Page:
standard practice in the algae-to-biodiesel community: they grow their
algae in water heavily enriched with carbon dioxide, which might be col-
lected from power stations or other industrial facilities. It takes much less
effort for plants to photosynthesize if the carbon dioxide has already been
concentrated for them. In a sunny spot in America, in ponds fed with
concentrated CO2 (concentrated to 10%), Ron Putt of Auburn University
says that algae can grow at 30 g per square metre per day, producing 0.01
litres of biodiesel per square metre per day. This corresponds to a power
per unit pond area of 4 W/m2 – similar to the Bavaria photovoltaic farm.
If you wanted to drive a typical car (doing 12 km per litre) a distance of
50 km per day, then you’d need 420 square metres of algae-ponds just to
power your car; for comparison, the area of the UK per person is 4000
square metres, of which 69 m2 is water (figure 6.8). Please don’t forget that
it’s essential to feed these ponds with concentrated carbon dioxide. So this
technology would be limited both by land area – how much of the UK we
could turn into algal ponds – and by the availability of concentrated CO2,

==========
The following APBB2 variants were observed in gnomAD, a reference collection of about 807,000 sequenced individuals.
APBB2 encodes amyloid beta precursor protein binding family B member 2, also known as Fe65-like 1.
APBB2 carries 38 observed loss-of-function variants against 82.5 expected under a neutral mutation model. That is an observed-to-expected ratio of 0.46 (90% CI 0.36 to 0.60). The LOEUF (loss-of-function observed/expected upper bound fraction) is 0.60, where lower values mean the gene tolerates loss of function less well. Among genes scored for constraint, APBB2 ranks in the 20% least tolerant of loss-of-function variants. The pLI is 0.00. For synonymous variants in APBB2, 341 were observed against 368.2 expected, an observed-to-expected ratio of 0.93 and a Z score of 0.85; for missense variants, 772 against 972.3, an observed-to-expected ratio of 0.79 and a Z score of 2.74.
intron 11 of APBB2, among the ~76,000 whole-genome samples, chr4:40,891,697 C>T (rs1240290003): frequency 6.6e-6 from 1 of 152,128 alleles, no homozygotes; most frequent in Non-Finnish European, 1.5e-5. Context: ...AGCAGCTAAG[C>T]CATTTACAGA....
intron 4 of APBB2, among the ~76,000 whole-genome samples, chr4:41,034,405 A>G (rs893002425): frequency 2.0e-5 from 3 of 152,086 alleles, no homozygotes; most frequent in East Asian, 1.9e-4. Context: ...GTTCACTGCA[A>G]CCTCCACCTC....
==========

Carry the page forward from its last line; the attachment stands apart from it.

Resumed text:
the capture of which would have an energy cost (a topic discussed in Chap-
ters 23 and 31). Let’s check the limit imposed by the concentrated CO2. To
grow 30 g of algae per m2 per day would require at least 60 g of CO2 per
m2 per day (because the CO2 molecule has more mass per carbon atom
than the molecules in algae). If all the CO2 from all UK power stations
were captured (roughly 212 tons per year per person), it could service 230
square metres
per personE of the algal ponds described above – roughly 6%
of the countryE. This area would deliver biodiesel with a power of 24 kWh
per day per person, assuming that the numbers for sunny America apply
here. A plausible vision? Perhaps on one tenth of that scale? I’ll leave it to
you to decide.

What about algae in the sea?

Remember what I just said: the algae-to-biodiesel posse always feed their
algae concentrated CO2. If you’re going out to sea, presumably pumping
CO2 into it won’t be an option. And without the concentrated CO2,
the productivity of algae drops 100-fold. For algae in the sea to make a
difference, a country-sized harvesting area in the sea would be required.

What about algae that produce hydrogen?

Trying to get slime to produce hydrogen in sunlight is a smart idea because
it cuts out a load of chemical steps normally performed by carbohydrate-
producing plants. Every chemical step reduces efficiency a little. Hydrogen
can be produced directly by the photosynthetic system, right at
step one. A research study from the National Renewable Energy Laboratory
in Colorado predicted that a reactor filled with genetically-modified
green algae, covering an area of 11 hectares in the Arizona desert, could